|Mar 13, 2012, 05:01 AM|
Joined Jun 2011
TH9X Turnigy FlySky IMax modify module to SMA and 1W booster DIY FPV
Hi guys I'll just get right down to business and start the DIY right after a bit of background. This DIY illustrates how to both modify your TH9X 2.4ghz module to use a SMA adapter, as well as attaching a 1 Watt wifi booster to significantly increase your TX's range. I'll do my best to give links to where the main parts where bought, but ebay links aren't active for very long, and links in general change. So I'll mostly just post names, models, part numbers etc. You can figure it out just by the pictures too. If you have a Turnigy 9X and have done the antenna mod, some of this will be a review for you.
Disclaimer If you screw something up, it's your fault. This DIY is strictly for educational purposes only and I'm not going to assume everyone is familiar with accurate soldering and modifying expensive equipment. If it doesn't come out right, there is no going completely back to stock. Again, you alone are responsible for any actions performed as mentioned in this DIY. Thanks
Difficulty level: Does soldering tiny wires to tiny spots on a small PCB scare you? If not, press on.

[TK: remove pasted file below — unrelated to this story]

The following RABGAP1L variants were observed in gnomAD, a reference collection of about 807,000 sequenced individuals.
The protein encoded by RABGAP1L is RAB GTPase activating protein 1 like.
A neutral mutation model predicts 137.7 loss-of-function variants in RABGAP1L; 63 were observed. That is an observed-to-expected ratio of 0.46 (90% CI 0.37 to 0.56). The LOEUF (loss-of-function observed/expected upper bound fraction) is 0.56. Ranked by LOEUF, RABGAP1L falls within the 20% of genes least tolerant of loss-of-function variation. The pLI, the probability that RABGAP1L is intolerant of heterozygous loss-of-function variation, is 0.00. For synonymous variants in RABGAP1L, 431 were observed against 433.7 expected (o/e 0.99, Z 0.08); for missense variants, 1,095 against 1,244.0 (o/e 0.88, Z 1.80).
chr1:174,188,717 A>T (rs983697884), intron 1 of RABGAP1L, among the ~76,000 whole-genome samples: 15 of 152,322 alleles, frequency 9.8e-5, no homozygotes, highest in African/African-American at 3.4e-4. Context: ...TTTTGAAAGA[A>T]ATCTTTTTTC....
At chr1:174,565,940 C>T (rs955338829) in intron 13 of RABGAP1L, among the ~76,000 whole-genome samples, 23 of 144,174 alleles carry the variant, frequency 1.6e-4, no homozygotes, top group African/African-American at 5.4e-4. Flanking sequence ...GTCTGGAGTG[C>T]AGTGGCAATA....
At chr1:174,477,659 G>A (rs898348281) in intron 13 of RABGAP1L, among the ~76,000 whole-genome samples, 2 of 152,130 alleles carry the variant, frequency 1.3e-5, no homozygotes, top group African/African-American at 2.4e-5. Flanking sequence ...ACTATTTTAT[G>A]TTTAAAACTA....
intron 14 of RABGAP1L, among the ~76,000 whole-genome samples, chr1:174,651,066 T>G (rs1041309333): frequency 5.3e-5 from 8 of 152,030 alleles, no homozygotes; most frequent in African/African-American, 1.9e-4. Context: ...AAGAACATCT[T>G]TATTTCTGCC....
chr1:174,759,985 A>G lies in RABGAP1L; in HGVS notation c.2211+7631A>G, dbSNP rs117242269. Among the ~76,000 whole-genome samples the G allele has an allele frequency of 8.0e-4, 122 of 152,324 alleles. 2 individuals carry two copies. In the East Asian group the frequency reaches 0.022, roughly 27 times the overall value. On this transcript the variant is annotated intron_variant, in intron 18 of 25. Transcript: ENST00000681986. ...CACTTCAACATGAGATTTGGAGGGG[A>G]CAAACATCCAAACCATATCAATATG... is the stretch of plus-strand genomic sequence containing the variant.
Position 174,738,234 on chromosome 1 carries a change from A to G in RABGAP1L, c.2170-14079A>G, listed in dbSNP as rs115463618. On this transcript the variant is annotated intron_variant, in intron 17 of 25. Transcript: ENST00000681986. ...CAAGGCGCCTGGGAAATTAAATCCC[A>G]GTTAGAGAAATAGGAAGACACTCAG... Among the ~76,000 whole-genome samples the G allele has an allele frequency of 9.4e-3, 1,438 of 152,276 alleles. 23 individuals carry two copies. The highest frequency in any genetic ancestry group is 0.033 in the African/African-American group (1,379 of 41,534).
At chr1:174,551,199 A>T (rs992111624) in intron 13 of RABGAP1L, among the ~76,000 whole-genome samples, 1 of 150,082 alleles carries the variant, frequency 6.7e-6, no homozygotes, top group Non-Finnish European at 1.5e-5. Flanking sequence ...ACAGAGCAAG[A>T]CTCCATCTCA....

Okay on to the DIY
"Quentin Tarantino" picture
Yikes! But it's all behind the tx, and although a little heavier, your lanyard strap will take up all the weight anyway. Doesn't effect the feel of the radio at all.
How we get there:
I specifically bought the FlySky TH9X back when it was over 100 dollars not including shipping and from LH because I wanted the useless FM antenna to hang a wind sock from and more importantly an easily removable module for later mods. Right now mine is still running the stock operating system. I will flash ER9X in it some day.
I added an accurately calibrated volt meter (velcro to make it movable) and the turnigy backlight mod. Here it is in that form without the module installed:
Your Radio (Buy it wherever, online or hobby shop)
It's Module (^)
1W Wifi booster (the sma style one NOT the usb one) They are usually around 40-50 bucks shipped; bought mine on ebay, can be had other places I found too)
3+ amp 5volt UBEC. (this is to run the booster off the radio's battery. I bought mine from HK)
PCB SMA connector (radio shack, or ebay)
SMA Patch cable (male-male I think, I'll double check an edit if need be) (ebay or make one from supplies you could find on...ebay)
your choice of SMA 2.4ghz antenna (sometimes the booster comes with a 7db solid dipole or rubber duck; use the stock one or buy one, guess where...ebay)
Power connector/plug-in (for attaching the UBEC to the booster; radio shack because you may need to find the one that best fits or I'll post the part number and real specs for this plug tomorrow)
Hot Glue gun or super glue
Basic Hobby stuff
Old 12V 486 CPU heat sink and fan (just happened to have one lying around)
Digital battery voltage (ebay)
One of those magnifying glasses headsets come in really really handy on tiny projects like this, or, readying glasses work too. Just makes like a little easier when you're soldering in the PCB.
Now for the steps
1. Remove your module. (this step varies a little if you don't run a FlySky 9X like me)
You're left with: